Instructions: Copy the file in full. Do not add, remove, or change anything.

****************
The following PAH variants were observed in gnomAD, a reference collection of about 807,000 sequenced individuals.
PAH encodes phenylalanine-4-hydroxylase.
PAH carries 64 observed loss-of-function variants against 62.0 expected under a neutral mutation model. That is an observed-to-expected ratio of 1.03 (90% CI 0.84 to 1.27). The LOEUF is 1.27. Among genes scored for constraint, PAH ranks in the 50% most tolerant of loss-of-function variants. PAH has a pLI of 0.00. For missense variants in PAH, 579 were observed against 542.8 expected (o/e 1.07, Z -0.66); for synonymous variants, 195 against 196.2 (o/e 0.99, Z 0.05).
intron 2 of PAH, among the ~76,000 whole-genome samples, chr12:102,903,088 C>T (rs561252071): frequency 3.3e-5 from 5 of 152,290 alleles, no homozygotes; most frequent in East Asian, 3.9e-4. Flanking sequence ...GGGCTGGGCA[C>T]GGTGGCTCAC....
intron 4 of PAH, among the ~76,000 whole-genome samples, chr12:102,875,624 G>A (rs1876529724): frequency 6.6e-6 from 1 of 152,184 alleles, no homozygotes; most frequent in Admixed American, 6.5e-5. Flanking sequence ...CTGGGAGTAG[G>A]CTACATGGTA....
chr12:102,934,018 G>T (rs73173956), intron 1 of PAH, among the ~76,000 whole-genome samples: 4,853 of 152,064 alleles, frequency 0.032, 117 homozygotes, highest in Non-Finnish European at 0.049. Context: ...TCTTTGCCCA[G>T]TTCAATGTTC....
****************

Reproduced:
The following PAH variants were observed in gnomAD, a reference collection of about 807,000 sequenced individuals.
PAH encodes phenylalanine-4-hydroxylase.
PAH carries 64 observed loss-of-function variants against 62.0 expected under a neutral mutation model. That is an observed-to-expected ratio of 1.03 (90% CI 0.84 to 1.27). The LOEUF is 1.27. Among genes scored for constraint, PAH ranks in the 50% most tolerant of loss-of-function variants. PAH has a pLI of 0.00. For missense variants in PAH, 579 were observed against 542.8 expected (o/e 1.07, Z -0.66); for synonymous variants, 195 against 196.2 (o/e 0.99, Z 0.05).
intron 2 of PAH, among the ~76,000 whole-genome samples, chr12:102,903,088 C>T (rs561252071): frequency 3.3e-5 from 5 of 152,290 alleles, no homozygotes; most frequent in East Asian, 3.9e-4. Flanking sequence ...GGGCTGGGCA[C>T]GGTGGCTCAC....
intron 4 of PAH, among the ~76,000 whole-genome samples, chr12:102,875,624 G>A (rs1876529724): frequency 6.6e-6 from 1 of 152,184 alleles, no homozygotes; most frequent in Admixed American, 6.5e-5. Flanking sequence ...CTGGGAGTAG[G>A]CTACATGGTA....
chr12:102,934,018 G>T (rs73173956), intron 1 of PAH, among the ~76,000 whole-genome samples: 4,853 of 152,064 alleles, frequency 0.032, 117 homozygotes, highest in Non-Finnish European at 0.049. Context: ...TCTTTGCCCA[G>T]TTCAATGTTC....